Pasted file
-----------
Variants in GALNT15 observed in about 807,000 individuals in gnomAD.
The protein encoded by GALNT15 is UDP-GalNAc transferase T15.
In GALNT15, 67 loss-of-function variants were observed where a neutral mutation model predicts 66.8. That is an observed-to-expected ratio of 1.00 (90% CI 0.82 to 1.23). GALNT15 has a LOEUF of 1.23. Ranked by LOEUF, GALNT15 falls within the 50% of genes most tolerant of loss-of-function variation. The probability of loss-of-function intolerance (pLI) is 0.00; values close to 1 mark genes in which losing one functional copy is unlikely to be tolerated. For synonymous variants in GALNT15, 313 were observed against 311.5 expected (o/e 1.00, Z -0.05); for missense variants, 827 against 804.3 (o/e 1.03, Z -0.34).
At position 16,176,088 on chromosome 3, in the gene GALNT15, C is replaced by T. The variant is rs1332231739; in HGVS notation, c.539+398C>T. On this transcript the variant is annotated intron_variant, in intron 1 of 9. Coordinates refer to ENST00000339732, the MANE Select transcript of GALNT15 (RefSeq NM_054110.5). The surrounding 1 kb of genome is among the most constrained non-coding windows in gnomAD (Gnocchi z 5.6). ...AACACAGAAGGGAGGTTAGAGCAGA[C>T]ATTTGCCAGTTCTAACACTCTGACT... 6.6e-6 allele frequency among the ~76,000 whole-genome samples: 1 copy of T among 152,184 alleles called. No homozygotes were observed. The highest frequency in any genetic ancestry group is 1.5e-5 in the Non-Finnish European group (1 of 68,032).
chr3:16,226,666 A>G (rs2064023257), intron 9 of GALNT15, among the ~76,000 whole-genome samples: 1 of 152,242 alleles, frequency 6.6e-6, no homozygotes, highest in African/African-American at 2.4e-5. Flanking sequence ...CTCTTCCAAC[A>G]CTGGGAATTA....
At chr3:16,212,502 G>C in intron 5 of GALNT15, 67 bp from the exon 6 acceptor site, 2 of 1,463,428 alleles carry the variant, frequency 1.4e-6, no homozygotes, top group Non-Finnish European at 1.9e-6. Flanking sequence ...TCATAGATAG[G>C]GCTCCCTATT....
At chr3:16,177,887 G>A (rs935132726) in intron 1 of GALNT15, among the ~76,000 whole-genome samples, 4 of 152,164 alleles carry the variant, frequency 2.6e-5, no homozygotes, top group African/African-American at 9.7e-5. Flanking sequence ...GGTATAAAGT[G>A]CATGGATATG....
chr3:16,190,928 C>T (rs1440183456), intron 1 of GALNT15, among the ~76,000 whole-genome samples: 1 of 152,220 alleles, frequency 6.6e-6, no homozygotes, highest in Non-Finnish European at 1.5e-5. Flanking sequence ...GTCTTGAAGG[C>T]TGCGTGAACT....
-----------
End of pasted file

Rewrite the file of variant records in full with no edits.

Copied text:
Variants in GALNT15 observed in about 807,000 individuals in gnomAD.
The protein encoded by GALNT15 is UDP-GalNAc transferase T15.
In GALNT15, 67 loss-of-function variants were observed where a neutral mutation model predicts 66.8. That is an observed-to-expected ratio of 1.00 (90% CI 0.82 to 1.23). GALNT15 has a LOEUF of 1.23. Ranked by LOEUF, GALNT15 falls within the 50% of genes most tolerant of loss-of-function variation. The probability of loss-of-function intolerance (pLI) is 0.00; values close to 1 mark genes in which losing one functional copy is unlikely to be tolerated. For synonymous variants in GALNT15, 313 were observed against 311.5 expected (o/e 1.00, Z -0.05); for missense variants, 827 against 804.3 (o/e 1.03, Z -0.34).
At position 16,176,088 on chromosome 3, in the gene GALNT15, C is replaced by T. The variant is rs1332231739; in HGVS notation, c.539+398C>T. On this transcript the variant is annotated intron_variant, in intron 1 of 9. Coordinates refer to ENST00000339732, the MANE Select transcript of GALNT15 (RefSeq NM_054110.5). The surrounding 1 kb of genome is among the most constrained non-coding windows in gnomAD (Gnocchi z 5.6). ...AACACAGAAGGGAGGTTAGAGCAGA[C>T]ATTTGCCAGTTCTAACACTCTGACT... 6.6e-6 allele frequency among the ~76,000 whole-genome samples: 1 copy of T among 152,184 alleles called. No homozygotes were observed. The highest frequency in any genetic ancestry group is 1.5e-5 in the Non-Finnish European group (1 of 68,032).
chr3:16,226,666 A>G (rs2064023257), intron 9 of GALNT15, among the ~76,000 whole-genome samples: 1 of 152,242 alleles, frequency 6.6e-6, no homozygotes, highest in African/African-American at 2.4e-5. Flanking sequence ...CTCTTCCAAC[A>G]CTGGGAATTA....
At chr3:16,212,502 G>C in intron 5 of GALNT15, 67 bp from the exon 6 acceptor site, 2 of 1,463,428 alleles carry the variant, frequency 1.4e-6, no homozygotes, top group Non-Finnish European at 1.9e-6. Flanking sequence ...TCATAGATAG[G>C]GCTCCCTATT....
At chr3:16,177,887 G>A (rs935132726) in intron 1 of GALNT15, among the ~76,000 whole-genome samples, 4 of 152,164 alleles carry the variant, frequency 2.6e-5, no homozygotes, top group African/African-American at 9.7e-5. Flanking sequence ...GGTATAAAGT[G>A]CATGGATATG....
chr3:16,190,928 C>T (rs1440183456), intron 1 of GALNT15, among the ~76,000 whole-genome samples: 1 of 152,220 alleles, frequency 6.6e-6, no homozygotes, highest in Non-Finnish European at 1.5e-5. Flanking sequence ...GTCTTGAAGG[C>T]TGCGTGAACT....